Firstly,  it would be worth seeing if the keyboard you are currently using is the most effective one. You can also turn on a function called Filter Keys which is built into every new computer and basically slows down the keyboard repeat rate to your own specific needs. You can find some information on it within our website. (http://www.abilitynet.org.uk/mcmw/category/changing-keyboard-settings/) . There are lots of different keyboards to choose from so it should be fairly easy to find a keyboard that you can use easily.

Every computer, smartphone or tablet includes options for adapting the way the keyboard works. AbilityNet’s award-winning My Computer My Way provides information about all the main computer and smartphone systems,

Can I talk to my computer?

If your voice is clear then we’d advise trying out voice recognition. It’s built into all new computers that run Windows. For more details have a look at our easy to understand step by step instructions on My Computer,My Way.

We’ve also written an overview of how voice recognition can help you. If you do have literacy difficulties it might be a really good idea to get support in reading the text to the computer.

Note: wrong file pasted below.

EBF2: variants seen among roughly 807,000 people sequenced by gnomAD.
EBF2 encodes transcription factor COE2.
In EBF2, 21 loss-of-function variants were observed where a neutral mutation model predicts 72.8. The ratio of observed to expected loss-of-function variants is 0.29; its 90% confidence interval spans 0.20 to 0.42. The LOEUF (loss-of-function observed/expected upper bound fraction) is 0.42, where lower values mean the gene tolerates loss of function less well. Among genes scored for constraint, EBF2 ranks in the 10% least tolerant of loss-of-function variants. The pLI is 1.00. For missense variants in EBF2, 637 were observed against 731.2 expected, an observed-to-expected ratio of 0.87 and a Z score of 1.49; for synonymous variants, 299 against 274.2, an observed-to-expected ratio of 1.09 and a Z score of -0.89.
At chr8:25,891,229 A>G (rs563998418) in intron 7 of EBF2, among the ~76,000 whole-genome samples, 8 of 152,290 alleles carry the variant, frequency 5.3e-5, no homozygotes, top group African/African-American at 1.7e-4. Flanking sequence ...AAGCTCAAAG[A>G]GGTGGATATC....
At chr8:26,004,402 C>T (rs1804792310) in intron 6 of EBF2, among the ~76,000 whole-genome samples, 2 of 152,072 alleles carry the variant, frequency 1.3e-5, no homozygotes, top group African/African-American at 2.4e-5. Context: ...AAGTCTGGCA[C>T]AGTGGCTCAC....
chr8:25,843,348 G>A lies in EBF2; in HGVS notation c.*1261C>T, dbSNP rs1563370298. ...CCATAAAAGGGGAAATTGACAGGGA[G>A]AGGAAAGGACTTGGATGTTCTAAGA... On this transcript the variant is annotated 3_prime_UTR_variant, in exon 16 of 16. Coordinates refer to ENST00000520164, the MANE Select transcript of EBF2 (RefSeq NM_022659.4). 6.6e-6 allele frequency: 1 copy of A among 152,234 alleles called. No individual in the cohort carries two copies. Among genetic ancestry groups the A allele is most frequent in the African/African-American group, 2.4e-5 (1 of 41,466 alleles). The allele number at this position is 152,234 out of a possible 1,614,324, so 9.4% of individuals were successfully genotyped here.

Sometimes I have difficulty with reading text. What can I do?

There are a number of free and cheap text to speech packages which will read text out to you.  We really like the text to speech package at: http://www.ivona.com/en/.

I find it really difficult to remember important appointments. Can a computer help me?

Using Google's Calendar application is just one way of making sure you never miss an inportant appointment again. It is free of charge and you can synchronise it between your smart phone/tablet and your desktop computer meaning that you always have your schedule at your fingertips.